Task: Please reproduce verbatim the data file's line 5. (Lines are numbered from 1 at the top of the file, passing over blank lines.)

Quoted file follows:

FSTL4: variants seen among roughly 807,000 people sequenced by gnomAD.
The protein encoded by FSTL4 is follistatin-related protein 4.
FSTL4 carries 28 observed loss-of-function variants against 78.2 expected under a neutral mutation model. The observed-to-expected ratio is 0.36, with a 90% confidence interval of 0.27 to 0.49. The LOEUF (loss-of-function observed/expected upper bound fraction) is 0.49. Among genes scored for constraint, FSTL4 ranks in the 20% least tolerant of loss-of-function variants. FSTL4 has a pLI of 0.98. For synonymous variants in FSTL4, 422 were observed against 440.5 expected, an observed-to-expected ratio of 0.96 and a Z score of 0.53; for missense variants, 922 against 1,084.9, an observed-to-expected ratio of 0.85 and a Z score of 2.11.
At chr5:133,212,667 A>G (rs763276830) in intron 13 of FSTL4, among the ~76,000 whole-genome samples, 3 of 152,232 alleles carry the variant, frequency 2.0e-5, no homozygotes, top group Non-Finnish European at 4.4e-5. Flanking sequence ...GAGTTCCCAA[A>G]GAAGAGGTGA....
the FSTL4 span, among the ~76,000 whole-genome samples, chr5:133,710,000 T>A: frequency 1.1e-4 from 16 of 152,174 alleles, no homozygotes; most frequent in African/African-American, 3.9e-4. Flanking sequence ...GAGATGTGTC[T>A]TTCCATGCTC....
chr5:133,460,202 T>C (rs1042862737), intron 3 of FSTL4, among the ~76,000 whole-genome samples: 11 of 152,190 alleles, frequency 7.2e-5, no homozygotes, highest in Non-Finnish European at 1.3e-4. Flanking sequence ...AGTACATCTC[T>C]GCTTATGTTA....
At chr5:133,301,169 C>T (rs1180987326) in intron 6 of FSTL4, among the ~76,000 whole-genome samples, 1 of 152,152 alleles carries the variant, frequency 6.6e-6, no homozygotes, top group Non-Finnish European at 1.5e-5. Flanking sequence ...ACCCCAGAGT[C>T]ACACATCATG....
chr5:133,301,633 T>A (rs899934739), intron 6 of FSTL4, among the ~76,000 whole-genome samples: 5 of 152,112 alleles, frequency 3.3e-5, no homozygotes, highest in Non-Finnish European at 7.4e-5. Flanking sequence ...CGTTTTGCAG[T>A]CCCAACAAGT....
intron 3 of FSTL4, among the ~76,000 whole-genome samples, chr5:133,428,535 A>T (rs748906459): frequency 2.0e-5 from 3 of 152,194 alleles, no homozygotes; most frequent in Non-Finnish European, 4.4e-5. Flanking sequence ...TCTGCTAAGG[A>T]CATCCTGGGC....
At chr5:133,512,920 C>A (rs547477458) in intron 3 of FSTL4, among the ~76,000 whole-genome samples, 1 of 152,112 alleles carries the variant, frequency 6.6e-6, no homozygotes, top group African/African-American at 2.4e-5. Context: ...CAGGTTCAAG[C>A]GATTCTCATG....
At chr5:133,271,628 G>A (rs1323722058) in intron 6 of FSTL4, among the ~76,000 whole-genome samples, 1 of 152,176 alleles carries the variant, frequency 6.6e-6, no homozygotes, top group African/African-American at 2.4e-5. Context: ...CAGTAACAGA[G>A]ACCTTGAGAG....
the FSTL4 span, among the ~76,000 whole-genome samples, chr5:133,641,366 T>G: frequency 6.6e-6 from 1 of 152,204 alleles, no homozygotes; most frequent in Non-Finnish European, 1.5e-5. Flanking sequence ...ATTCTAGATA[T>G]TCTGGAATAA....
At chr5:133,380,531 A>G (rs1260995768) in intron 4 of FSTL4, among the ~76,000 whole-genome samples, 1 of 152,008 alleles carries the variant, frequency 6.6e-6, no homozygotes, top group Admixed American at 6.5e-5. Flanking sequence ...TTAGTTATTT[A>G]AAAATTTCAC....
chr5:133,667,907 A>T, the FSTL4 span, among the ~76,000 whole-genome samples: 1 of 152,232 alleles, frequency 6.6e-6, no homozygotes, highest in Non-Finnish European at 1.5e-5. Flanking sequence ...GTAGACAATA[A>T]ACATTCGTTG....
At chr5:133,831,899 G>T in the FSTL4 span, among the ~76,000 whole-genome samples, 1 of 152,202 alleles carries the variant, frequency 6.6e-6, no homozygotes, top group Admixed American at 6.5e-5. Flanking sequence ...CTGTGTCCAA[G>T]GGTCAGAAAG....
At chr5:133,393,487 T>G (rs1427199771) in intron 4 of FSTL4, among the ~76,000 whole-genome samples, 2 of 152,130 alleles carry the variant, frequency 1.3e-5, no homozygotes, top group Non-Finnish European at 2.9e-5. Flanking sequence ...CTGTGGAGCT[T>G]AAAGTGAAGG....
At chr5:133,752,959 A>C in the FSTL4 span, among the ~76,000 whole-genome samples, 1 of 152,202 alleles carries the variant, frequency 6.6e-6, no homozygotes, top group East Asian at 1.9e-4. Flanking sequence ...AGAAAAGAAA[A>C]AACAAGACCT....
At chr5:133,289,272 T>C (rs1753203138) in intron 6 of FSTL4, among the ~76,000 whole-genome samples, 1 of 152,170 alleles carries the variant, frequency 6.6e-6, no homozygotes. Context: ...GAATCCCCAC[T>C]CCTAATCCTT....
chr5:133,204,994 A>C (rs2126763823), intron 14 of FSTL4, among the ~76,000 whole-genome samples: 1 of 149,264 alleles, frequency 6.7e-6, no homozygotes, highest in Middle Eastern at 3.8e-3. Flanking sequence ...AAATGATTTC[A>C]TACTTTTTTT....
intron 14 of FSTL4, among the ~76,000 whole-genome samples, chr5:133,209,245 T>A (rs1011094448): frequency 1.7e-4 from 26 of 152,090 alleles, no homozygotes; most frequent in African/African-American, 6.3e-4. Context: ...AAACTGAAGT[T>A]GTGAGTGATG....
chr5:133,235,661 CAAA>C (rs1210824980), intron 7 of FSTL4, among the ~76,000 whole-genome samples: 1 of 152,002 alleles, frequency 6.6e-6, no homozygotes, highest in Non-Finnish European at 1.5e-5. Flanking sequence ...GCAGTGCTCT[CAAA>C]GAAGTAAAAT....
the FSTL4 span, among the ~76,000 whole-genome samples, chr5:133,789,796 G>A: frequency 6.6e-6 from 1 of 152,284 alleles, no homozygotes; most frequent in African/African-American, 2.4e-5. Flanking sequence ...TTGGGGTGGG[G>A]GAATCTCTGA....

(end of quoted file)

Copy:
the FSTL4 span, among the ~76,000 whole-genome samples, chr5:133,710,000 T>A: frequency 1.1e-4 from 16 of 152,174 alleles, no homozygotes; most frequent in African/African-American, 3.9e-4. Flanking sequence ...GAGATGTGTC[T>A]TTCCATGCTC....